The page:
8.30 am: To school. ‘Look to the heavens, John!’:
9.00 am: The residue of last week’s second year painting tutorials needed my attention. The next time I meet my contingent will be at their feedback assessment tutorial. As we move towards finalisation and the period of exams, the pressure builds. It’s evident among students and staff alike. A discipline of mind, body, and emotions is required. We’ll all be taken to the teetering edge of our ability to cope. And, there’s the risk that, in all the busyness, an appreciation of the glory of the finale will be missed. One must ensure that there’s time to rejoice in the success of others.
10.00 am: A Skype tutorial with one of my PhD Fine Art tutees:
Such discussions are not a substitute for one-to-one (in the flesh) tutorials. They’re, rather, supplementary, and promote continuity of thought in-between visits. My PhD Fine Art tutees have stretched me in directions that I would not otherwise have reason to travel: archaeology, earth science, climate change, NHS policy, the still life tradition, landscape, the sense of place, portraiture, sculpture, painting, and other topics and media beside.
11.15 am: The final year Art History dissertations had arrived in my pigeon hole. I began a preliminary examination. The best students are those that avail themselves of teaching as a matter of necessity and courtesy. 12.00 pm: A trip to the studios to survey exhibition developments. All is well. The anticipation (like the work) mounts. (‘There’s no business like show business’.):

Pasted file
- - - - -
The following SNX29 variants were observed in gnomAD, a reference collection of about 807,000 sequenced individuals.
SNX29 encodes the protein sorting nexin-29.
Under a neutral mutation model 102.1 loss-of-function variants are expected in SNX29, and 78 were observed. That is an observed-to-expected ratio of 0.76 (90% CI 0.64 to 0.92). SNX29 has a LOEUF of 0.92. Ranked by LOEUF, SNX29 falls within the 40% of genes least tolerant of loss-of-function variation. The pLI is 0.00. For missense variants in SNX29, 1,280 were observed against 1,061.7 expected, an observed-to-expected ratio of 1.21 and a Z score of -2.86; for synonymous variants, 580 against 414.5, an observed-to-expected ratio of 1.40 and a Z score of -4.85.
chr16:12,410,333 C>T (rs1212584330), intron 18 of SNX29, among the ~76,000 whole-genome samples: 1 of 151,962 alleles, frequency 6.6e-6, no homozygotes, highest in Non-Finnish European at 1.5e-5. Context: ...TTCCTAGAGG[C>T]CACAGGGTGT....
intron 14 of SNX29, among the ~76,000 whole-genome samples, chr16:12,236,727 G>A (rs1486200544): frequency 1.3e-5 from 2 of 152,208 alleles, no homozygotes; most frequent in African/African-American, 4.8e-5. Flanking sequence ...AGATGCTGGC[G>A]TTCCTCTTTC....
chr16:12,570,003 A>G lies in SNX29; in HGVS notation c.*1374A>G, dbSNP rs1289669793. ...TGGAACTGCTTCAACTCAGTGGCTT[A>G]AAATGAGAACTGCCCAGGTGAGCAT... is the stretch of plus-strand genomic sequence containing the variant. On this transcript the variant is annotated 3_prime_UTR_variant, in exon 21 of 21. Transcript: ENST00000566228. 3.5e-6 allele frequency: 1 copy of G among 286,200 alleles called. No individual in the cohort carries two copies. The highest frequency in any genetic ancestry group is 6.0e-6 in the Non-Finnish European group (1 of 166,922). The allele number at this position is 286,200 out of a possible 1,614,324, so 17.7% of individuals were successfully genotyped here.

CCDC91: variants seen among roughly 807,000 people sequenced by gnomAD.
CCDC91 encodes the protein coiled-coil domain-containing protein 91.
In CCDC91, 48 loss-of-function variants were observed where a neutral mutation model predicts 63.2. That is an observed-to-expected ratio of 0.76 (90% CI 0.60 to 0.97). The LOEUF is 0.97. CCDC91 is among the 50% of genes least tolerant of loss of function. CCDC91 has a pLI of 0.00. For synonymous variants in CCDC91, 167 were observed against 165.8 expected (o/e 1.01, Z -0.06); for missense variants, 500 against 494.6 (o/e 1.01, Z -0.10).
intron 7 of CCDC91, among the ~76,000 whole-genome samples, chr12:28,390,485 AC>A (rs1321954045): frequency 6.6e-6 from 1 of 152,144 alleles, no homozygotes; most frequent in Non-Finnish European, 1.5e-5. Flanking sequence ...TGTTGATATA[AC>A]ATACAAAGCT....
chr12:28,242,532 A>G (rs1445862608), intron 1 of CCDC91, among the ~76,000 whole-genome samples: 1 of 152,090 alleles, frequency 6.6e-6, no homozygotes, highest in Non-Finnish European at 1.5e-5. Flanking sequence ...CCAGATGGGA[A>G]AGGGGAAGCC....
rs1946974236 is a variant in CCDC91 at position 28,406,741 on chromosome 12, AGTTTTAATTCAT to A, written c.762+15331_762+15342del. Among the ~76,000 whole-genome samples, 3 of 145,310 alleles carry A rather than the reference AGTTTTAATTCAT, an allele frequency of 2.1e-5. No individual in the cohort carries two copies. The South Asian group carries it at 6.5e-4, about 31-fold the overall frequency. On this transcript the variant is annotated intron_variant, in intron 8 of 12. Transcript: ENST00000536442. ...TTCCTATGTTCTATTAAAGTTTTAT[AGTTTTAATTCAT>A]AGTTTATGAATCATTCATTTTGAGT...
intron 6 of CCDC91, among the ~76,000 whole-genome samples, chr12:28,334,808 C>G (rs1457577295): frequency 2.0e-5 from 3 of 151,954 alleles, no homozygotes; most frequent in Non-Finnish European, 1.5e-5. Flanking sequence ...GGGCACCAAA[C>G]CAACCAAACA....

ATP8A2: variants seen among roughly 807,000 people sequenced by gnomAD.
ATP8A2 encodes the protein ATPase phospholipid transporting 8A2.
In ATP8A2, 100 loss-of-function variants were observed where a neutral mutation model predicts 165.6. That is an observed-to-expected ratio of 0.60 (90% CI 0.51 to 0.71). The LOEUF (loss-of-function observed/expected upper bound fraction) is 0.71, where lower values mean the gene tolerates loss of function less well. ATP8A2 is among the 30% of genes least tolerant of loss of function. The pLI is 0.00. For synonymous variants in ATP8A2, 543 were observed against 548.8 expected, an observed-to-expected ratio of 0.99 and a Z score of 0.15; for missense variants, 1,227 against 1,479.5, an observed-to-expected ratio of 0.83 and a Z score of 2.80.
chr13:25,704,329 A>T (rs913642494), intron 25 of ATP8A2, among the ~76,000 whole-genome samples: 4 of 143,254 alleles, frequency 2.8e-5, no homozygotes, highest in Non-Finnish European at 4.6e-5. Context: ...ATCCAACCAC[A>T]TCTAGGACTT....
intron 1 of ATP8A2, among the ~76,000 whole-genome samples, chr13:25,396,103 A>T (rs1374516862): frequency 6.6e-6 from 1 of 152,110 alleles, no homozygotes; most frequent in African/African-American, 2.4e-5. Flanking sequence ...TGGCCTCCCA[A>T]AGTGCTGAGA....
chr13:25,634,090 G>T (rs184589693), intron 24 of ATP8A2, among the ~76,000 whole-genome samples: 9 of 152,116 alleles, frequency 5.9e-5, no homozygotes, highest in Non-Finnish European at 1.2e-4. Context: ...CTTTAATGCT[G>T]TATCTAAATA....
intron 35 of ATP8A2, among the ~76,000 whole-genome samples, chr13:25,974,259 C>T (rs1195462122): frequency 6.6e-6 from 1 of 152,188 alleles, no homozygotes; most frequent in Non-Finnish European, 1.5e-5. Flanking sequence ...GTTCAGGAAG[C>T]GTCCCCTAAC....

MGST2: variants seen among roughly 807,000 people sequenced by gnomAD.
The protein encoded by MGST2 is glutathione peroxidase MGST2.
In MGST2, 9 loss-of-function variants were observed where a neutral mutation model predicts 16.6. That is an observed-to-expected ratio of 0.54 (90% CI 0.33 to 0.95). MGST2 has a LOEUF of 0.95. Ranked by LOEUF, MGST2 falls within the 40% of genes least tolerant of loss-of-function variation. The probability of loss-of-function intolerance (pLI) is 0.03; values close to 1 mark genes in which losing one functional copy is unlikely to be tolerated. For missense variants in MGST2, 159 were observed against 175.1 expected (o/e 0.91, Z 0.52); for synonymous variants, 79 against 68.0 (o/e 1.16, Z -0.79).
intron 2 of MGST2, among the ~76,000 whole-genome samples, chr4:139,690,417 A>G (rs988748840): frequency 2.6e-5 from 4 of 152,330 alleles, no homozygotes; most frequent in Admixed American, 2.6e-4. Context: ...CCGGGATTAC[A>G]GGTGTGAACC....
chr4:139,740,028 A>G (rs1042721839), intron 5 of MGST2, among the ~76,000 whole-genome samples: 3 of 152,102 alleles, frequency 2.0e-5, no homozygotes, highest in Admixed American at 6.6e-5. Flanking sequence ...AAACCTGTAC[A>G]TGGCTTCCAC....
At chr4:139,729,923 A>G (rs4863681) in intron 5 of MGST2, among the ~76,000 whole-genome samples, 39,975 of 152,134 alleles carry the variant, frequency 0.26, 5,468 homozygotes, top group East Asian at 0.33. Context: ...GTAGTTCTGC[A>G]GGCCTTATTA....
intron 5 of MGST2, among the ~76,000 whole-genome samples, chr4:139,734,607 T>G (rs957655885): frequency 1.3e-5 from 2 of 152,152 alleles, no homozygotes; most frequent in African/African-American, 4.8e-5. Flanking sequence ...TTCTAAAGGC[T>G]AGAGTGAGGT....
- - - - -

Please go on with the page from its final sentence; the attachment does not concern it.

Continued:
12.20 pm: An MA Fine Art tutorial with one of our Exhibition 1 finalists. 1.10 pm: A hurried lunch before pushing on with the afternoon’s PhD Fine Art tutorials beginning at 2.00 pm.
Pound Place: ‘But everything exposed by the light becomes visible – and everything that is illuminated becomes a light’ (Ephesians 5.13):
2.00 pm: First off, an induction into Adobe Audition editing. Playing with sound can be a revelation in regard not only its own nature but also, analogically, to vision and imaging. The one teaches us about the other:
3.00 pm: To the Old College for the final tutorial of the day. At PhD level, art is always more than that. 5.00 pm: The final Vocational Practice presentation of the year. Unfortunately, I was the only audient. The talk deserved a wider hearing.
7.30 pm: An evening of marking, assessing, and postgraduate admin. My list of ‘to dos’ is getting longer by the day.
Some observations and principles derived from today’s engagements:
- Chickens always look as though they’re mildly shocked at the world in which they find themselves.
- Pressure may force to the surface issues, problems, and ideas that would otherwise remain out of sight and knowing.
- Repetition need not be mindless. But change and stasis can be mindless.
- Surrender the part in order to save the whole, where necessary.
- ‘What is the point of making art?’ Art is the point or, properly speaking, the pivot upon which much of the rest of your life turns.